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effect of sodium thiosulfate

A number of agents have been investigated in animal models as otoprotection against the toxic effects of cis- and carboplatin. Among these, sodium thiosulfate (STS) has shown particular promise as an otoprotective agent. STS is approved by the US Food and Drug Administration (FDA) as an antidote for cyanide and nitroprusside toxicity and for calciphylaxis. STS has been shown to act as both an antioxidant as well as a chelating agent in vivo. The chelating properties of the sulfur-thiol functional group are believed to be responsible for the otoprotective effects of STS, binding to, and inactivating the platinum. The thiol compound may also act to scavenge reactive oxygen species produced by the platinum, thus preventing the initiation of the apoptotic pathway.

Several studies have demonstrated the otoprotective effects of intravenous STS in animal models. Subsequent studies have shown similar benefit when STS is administered intravenously to humans. A major drawback to this mode of delivery, however, is the fear that it reduces the anti-tumor activity of the platinum. Sodium thiosulfate is believed to bind to cisplatin, forming a complex that is then excreted by the kidneys. Though this may decrease the ototoxicity associated with the platinum, it may also decrease the anti-neoplastic properties of the agent. There are conflicting reports of reduced tumoricidal properties of STS in vitro, though there are no in vivo studies suggesting this adverse effect in vivo.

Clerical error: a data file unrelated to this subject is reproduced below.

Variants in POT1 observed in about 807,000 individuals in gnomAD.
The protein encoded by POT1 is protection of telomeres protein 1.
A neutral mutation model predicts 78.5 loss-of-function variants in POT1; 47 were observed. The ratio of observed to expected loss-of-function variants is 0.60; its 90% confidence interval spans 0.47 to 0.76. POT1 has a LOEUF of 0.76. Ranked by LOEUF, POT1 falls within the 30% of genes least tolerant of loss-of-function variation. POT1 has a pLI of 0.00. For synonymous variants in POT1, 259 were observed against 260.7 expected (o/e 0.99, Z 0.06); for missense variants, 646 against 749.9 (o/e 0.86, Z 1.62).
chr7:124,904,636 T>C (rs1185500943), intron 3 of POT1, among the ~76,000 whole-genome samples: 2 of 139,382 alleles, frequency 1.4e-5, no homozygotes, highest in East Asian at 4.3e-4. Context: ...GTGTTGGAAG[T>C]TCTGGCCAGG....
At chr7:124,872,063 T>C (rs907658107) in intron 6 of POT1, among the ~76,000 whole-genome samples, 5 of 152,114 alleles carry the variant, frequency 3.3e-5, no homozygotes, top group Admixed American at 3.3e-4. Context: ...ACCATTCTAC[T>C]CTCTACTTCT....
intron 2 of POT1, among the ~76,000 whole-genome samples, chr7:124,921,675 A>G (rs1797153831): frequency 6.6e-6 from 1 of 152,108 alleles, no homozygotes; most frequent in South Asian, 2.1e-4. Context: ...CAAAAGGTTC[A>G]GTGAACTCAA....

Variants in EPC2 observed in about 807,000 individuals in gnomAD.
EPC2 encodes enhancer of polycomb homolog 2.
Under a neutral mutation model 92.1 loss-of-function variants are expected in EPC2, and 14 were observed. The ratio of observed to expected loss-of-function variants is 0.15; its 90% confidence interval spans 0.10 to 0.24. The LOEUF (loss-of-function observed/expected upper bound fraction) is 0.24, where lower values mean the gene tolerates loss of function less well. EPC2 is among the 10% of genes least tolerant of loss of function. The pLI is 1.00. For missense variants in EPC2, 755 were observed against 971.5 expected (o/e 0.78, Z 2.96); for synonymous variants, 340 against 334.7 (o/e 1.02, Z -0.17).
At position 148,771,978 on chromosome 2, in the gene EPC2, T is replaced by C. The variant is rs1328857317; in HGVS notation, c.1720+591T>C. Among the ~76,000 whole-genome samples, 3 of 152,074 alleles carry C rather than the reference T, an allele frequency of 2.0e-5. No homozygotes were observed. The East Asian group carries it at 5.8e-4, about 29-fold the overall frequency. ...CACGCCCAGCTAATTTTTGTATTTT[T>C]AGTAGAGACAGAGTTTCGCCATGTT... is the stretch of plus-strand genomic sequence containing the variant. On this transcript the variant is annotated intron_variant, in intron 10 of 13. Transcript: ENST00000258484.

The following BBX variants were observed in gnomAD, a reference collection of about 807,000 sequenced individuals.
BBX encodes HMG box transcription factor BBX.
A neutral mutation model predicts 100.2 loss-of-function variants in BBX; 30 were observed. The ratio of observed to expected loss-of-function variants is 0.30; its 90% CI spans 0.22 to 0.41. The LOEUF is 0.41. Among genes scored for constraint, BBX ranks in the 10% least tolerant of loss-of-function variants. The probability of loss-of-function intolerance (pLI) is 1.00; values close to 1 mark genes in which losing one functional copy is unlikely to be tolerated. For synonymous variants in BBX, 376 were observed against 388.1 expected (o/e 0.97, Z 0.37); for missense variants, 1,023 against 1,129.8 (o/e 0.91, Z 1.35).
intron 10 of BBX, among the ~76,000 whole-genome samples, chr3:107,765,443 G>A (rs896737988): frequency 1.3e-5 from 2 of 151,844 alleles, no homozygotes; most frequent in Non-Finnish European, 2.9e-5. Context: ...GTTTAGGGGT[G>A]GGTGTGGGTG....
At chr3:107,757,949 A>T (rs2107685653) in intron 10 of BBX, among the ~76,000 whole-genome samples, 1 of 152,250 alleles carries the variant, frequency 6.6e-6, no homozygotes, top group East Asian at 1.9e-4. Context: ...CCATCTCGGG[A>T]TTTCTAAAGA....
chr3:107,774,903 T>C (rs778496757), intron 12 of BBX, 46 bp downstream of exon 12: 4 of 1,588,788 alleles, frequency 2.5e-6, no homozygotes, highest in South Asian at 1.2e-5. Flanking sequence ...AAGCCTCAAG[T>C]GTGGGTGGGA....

In view of the potential for systemic STS to reduce the tumoricidal effects of platinum agents, researchers have sought an alternate mode of delivery. Recent animal studies have examined the effect of sodium thiosulfate delivered locally to the middle ear space. Stocks, et al demonstrated an otoprotective effect of STS delivered to the middle ear space of guinea pigs. Wang, et al showed complete prevention of the ototoxic effects of cisplatin in guinea pigs treated with round window application of STS. In their study, both the compound action potential (CAP) and distortion product otoacoustic emissions (DPOAE) were unchanged, and both outer hair cells (OHC) and inner hair cells (IHC) were preserved. This effect, however, was not demonstrated in a similar study by Wimmer, et al. The temporal and spatial separation of the platinum and STS in these animal studies prompted Zuur and colleagues to state that, “in the future, it may be desirable to examine additional possibilities for two-route administration schemes for chemotherapy and otoprotective drugs in humans.” There are no studies to date of intratympanic sodium thiosulfate in humans.